I am not quite certain of the appropriate description for my plant collecting. While I might be fanatical, or obsessed, I’m not so far gone that I will pay any price for a favored plant. I’m not a patient person, but neither do I waste money foolishly, though some, mostly my wife, might argue otherwise when it comes to purchases for the garden.
While there are a number of smaller collections in the garden, the most cherished are the Japanese maples, with nearly thirty cultivars and multiple trees of more than a few. Some have been around for most of three decades, and others for only a few years, or weeks. Since not all were readily available at the local garden center, several treasures required years of waiting before a tree of a proper size could be obtained. While I’ve recently purchased several very young Japanese maple grafts (Acer palmatum ‘Orange Dream’, above), these were wild flings that are intended for planting into pots to sit on patios until they are large enough to find a spot for them in the garden. For Japanese maples that are to be planted directly into the garden, I could never be satisfied by such a small tree that would take years to grow into something.
Now, I don’t recall how long I lusted for the Golden Full Moon maple (Acer shirasawanum ‘Aureum’, above), but it was too long before I finally located a tree with damaged bark in a group of leftover odds and ends in the field of an Oregon Japanese maple grower. From July, I waited impatiently for early spring delivery, when I was overjoyed to finally plant the stocky six foot tall tree in a prized spot beside the koi pond. Happily, the bark damage was only superficial, and has never been a problem, though I questioned this for a year as the loose bark peeled away. The spot where it’s planted is perhaps a stretch into a bit too much sun, but only rarely do the leaves scorch in late summer, and then not badly.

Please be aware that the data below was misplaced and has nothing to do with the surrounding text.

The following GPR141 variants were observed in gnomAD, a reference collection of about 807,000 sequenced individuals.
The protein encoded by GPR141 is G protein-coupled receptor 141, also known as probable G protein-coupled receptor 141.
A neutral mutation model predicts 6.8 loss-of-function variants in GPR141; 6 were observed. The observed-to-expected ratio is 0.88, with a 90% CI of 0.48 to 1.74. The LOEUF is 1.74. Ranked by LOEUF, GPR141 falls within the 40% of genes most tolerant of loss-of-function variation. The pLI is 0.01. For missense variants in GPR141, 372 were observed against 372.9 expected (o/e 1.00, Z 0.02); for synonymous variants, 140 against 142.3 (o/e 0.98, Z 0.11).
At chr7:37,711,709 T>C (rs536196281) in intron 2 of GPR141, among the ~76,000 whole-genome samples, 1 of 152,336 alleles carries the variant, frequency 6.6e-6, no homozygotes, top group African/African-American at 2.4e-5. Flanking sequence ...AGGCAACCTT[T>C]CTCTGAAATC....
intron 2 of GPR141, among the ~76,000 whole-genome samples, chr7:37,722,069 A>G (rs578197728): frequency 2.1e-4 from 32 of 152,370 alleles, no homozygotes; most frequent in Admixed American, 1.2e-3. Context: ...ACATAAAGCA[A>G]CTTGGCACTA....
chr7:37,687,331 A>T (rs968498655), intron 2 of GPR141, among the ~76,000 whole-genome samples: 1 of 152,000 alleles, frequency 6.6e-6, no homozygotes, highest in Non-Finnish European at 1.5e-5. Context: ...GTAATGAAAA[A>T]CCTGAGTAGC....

This spring a cousin was planted nearby, the ‘Autumn Moon’ maple, which is similar except the newly emerging leaves are a bit orange instead of only yellow. This tree kind of fell into my lap, and perhaps this was a bit of a frivolous purchase since a tree so similar was already in hand, but one can hardly have too many of a good thing. I believe that it is different enough that the purchase is a wise one, though some in this family might be unconvinced.
As one Full Moon maple followed another, after waiting a decade there are now three Floating Cloud maples (Acer palmatum ‘Ukigumo’, above) in the garden. The first was planted in late winter five or six years ago, but disappointingly, its leaves emerged green instead of white and pink, as expected. I was certain that the tree had been incorrectly tagged, so another was planted the next year. Again, leaves emerged green, on both trees, so a third was planted. I was certain that all were planted with the right mix of sun and shade, for the foliage of Floating Cloud must be protected from direct sunlight more than other Japanese maples. As it has turned out, the problem was only a matter that the trees needed a longer period to become established since all three now have appropriately colored foliage. I don’t regret for an instant that there are now three trees, though I could be easily convinced to plant a larger ‘Orange Dream’ in place of one.